By James Moylan
To understand this lesson, first we must put aside all of the bullshit journalistic clichés and begin to talk about the Trump phenomena in a realistic manner. This is essential if we do not want to see the same thing occurring in Australia, because our press is failing us in exactly the same way as the American press have failed the American public.
Trump won the election because he engaged in class-warfare. Period. This is not to say that Trump had, or has, any affinity whatsoever for the working class, but rather that he tapped into the zeitgeist of the American public. He identified the fractures in American society and exploited them in a manner that simply could not be combated by either the press or the political establishment.
There are two mythologies that are prevalent in both America and Australia. Firstly, there is no such a thing as ‘class’ – and secondly, the press should never appear to be talking about ‘class distinction’.
During the final stages of his campaign, the press in America turned on Trump. However it did not work. His alt-right handlers managed the onslaught with aplomb. They typified these attacks as proof that Trump was actually hated and despised by the ‘political élite’ – which just reinforced his support amongst the dispossessed, the angry, and the disaffected working class.
At the same time, to ensure that these same voters would not turn on him, he also began talking about the ‘plight of the American black’ and other similar topics. Whilst it was an ignorant white man, talking about matters he had no knowledge of, to mainly ignorant white voters, it did not matter.
While it was obvious to those on the other side of the class divide that Trump’s empathy was a smokescreen, this was not how his audience received it. Working class voters saw this phony empathy as a sign that if Trump was elected, he would be on the side of the poor and disaffected – not on the side of the rich bankers and the urbane ‘elites’.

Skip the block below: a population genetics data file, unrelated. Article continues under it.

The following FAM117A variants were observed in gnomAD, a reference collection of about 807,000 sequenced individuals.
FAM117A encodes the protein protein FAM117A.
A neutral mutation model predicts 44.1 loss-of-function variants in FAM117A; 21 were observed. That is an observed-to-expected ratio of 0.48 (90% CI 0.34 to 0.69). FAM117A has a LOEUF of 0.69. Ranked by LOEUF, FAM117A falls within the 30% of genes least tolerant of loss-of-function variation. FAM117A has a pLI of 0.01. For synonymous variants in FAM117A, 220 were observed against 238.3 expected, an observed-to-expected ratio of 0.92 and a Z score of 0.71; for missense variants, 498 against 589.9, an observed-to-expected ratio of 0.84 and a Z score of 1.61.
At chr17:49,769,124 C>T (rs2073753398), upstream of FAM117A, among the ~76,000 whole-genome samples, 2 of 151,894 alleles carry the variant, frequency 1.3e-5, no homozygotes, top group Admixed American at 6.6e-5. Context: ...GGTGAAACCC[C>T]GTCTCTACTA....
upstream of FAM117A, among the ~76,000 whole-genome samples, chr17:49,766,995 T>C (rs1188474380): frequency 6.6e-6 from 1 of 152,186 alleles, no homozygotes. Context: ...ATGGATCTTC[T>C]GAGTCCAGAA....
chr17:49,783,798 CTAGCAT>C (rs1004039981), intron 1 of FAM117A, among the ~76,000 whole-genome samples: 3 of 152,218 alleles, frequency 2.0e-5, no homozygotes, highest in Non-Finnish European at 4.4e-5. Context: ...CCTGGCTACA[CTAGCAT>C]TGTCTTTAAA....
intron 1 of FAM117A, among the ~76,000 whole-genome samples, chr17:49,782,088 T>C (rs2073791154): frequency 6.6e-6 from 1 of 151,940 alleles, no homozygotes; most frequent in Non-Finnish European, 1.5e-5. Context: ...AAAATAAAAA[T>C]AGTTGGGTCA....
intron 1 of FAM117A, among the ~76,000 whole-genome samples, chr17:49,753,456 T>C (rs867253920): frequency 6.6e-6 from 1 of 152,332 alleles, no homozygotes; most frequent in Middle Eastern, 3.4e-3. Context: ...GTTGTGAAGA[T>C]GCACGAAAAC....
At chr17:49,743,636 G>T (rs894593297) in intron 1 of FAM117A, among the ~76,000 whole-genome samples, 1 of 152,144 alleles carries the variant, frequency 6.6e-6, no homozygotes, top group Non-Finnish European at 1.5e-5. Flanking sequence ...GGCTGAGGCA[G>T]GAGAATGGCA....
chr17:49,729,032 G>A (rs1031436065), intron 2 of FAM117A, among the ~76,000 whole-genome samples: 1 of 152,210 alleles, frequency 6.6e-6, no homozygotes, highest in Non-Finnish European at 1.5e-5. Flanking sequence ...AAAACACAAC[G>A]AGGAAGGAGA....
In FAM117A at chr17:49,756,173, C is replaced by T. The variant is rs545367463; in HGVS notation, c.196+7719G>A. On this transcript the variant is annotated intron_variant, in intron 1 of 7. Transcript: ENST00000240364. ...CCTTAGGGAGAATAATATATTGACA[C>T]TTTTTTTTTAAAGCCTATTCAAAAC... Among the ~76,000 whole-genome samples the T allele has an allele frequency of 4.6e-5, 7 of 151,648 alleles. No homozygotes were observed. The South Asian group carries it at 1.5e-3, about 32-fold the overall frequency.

When the banks refused, publicly, to allow their directors to support his campaign, Trump’s handlers immediately had him disavow ‘Wall Street’ and promise to ‘drain the swamp’. More class based dog-whistles. It reinforced, in the minds of his largely illiterate, ‘low-information’ voters, that he really was in a battle against the elite.
The alt-right and hard right bigots who heard these dog whistles also heard what he wanted them to hear and saw in Trump, a man who would protect their right to be politically incorrect and bigoted.
Trump’s campaign was all about proving that he hated the same people his audience hated. Nothing about ideals or ideas. Trump directed and targeted hatred. Trump was against all the elements of society his voters detested – whether they existed or not. Whether the descriptions he was advancing were fantasy or reality, simply did not matter.
Trump’s deliberate lack of political correctness, and his triumphant failure to be informed and correct, were received by his audience as proof that he was on the side of the disaffected worker. While, to the educated consumer of the mainstream media, it sometimes looked positively insane, to the audience he was cultivating, it made him ‘one of us’.
All this time, the American press simply refused to even acknowledge, let alone adequately cover, this reality. When Trump got up on the stump and talked about ‘us’ and ‘them’ he wasn’t talking about democrats and republicans. He was never referring to the traditional schisms that the American press commonly discuss. He was invoking a battle between the educated middle-class and everyone else.
Trump was evoking and utilising class war rhetoric, in a country where discussion about class, within the media, is considered taboo. This is why he managed to get away with it.